In addition, at some point a member of the IT department approached him quietly and told him that they had seen evidence of pornography on his computer. Files he’s missed, things he’d forgotten or didn’t even know about, that he should have scrubbed, but that turned up easily when IT people were working on his computer. And while IT was discrete, the incident further eroded this man’s confidence, and he eventually had to quit his job. He hoped that if he went somewhere new, with all new people, that he could start again, and that he wouldn’t use porn and he would get a fresh start. Except that when he got that next job, and met those new clients, and worked with the new co-workers, he found himself in the same boat in less than four months.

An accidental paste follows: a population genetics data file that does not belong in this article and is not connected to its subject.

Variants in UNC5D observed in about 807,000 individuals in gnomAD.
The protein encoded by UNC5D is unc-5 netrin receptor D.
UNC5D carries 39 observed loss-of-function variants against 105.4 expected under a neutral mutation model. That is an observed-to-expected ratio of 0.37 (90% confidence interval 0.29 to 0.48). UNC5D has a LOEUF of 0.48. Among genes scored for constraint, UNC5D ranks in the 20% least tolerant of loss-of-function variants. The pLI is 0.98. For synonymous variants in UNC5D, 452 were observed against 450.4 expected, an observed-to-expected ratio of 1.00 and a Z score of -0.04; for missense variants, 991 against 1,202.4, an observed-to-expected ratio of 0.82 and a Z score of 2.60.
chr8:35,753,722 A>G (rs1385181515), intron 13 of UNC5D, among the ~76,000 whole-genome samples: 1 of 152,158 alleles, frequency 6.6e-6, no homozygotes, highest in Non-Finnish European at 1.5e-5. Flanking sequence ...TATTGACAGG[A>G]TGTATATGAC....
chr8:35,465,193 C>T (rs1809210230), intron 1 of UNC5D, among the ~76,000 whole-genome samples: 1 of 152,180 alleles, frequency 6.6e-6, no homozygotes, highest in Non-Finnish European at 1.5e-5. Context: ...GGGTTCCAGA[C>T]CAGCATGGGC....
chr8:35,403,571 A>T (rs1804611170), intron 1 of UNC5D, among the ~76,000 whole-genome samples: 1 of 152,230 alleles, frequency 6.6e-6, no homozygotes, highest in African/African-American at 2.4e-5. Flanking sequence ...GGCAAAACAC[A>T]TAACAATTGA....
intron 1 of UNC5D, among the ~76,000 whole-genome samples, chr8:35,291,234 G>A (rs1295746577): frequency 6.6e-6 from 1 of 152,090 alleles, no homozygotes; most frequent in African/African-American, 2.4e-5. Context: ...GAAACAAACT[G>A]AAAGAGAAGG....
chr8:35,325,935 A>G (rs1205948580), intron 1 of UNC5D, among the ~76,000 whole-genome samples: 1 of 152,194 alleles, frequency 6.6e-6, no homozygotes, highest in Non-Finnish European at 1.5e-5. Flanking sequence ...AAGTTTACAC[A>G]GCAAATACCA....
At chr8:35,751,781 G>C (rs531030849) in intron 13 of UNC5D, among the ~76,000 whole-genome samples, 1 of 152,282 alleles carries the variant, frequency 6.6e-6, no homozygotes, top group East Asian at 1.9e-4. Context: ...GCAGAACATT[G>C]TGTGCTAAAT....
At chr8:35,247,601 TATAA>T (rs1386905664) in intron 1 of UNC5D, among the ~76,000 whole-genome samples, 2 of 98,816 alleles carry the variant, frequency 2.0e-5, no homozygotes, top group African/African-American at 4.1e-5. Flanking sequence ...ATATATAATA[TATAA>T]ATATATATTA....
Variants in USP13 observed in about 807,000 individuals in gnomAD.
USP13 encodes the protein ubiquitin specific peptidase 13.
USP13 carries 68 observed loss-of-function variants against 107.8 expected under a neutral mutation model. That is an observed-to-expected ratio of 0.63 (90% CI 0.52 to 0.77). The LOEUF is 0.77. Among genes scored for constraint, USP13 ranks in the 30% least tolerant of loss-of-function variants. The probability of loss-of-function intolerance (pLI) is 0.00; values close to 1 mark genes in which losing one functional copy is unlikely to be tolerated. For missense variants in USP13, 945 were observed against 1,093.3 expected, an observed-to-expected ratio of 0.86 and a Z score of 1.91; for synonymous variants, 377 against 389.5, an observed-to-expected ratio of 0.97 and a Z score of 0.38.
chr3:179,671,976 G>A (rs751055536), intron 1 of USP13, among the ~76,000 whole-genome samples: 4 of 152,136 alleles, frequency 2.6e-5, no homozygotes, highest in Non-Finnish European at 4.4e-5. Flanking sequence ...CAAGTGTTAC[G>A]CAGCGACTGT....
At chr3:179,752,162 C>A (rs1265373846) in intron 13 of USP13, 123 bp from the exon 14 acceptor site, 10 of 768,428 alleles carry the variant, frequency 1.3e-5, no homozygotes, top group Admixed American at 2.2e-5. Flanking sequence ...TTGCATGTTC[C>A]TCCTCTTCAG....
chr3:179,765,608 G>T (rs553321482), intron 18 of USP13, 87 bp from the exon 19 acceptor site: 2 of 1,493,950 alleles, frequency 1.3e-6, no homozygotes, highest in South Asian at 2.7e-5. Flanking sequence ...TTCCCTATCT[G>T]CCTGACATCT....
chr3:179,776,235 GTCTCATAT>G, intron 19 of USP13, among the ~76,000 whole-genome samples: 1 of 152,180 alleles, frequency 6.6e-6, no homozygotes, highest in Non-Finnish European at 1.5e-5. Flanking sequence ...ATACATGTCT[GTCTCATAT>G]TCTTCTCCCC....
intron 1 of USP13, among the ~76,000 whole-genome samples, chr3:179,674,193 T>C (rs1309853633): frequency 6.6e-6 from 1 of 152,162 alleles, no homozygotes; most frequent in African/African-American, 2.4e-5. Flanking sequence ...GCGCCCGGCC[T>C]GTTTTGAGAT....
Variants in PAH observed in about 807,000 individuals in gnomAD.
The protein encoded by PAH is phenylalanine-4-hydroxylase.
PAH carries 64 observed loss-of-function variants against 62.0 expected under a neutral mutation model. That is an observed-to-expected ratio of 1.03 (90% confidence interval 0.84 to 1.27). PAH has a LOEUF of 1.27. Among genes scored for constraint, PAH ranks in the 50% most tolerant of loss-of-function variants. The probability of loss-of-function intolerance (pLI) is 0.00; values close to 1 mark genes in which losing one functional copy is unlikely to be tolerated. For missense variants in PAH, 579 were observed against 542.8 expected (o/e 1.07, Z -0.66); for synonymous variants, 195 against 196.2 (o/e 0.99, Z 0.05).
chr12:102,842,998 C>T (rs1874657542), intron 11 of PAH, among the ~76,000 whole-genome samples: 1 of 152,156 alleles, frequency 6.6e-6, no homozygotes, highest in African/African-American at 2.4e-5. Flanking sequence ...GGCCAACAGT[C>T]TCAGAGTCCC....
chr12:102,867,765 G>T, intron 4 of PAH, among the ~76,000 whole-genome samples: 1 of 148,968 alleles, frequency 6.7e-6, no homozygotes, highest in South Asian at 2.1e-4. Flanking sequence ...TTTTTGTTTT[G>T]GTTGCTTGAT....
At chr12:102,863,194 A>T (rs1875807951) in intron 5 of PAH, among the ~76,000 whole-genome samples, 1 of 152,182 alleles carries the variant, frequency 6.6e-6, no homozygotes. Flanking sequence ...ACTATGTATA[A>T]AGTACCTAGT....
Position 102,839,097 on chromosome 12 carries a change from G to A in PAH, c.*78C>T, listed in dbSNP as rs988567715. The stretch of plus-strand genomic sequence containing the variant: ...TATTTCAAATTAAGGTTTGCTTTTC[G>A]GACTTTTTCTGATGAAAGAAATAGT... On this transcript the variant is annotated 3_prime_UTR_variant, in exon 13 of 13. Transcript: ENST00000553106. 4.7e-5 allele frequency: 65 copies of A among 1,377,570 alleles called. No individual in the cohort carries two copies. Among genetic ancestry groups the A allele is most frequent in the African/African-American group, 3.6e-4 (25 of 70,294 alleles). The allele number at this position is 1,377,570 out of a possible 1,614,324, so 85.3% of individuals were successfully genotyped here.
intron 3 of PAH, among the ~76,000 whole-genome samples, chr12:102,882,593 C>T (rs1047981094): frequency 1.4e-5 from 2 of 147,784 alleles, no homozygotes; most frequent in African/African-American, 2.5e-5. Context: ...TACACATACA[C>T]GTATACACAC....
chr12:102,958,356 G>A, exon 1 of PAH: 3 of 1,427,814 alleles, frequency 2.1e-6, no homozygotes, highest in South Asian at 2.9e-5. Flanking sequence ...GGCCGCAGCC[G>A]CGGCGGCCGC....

That’s how the damage of addiction, and the damage or pornography works. Slowly. Over time. Chipping away at a person’s success, replacing it with fear, insecurity, and failure. If you find yourself in this position, take action now to build up your resistance to porn, while you increase your ability to succeed, and your ability to deal with challenging situations. The slippery slope to porn addiction is easy; climbing out and building up your inner capability is more difficult, but it pays off exponentially more. Like anything, if you follow a simple process, you’re much more likely to attain your goals.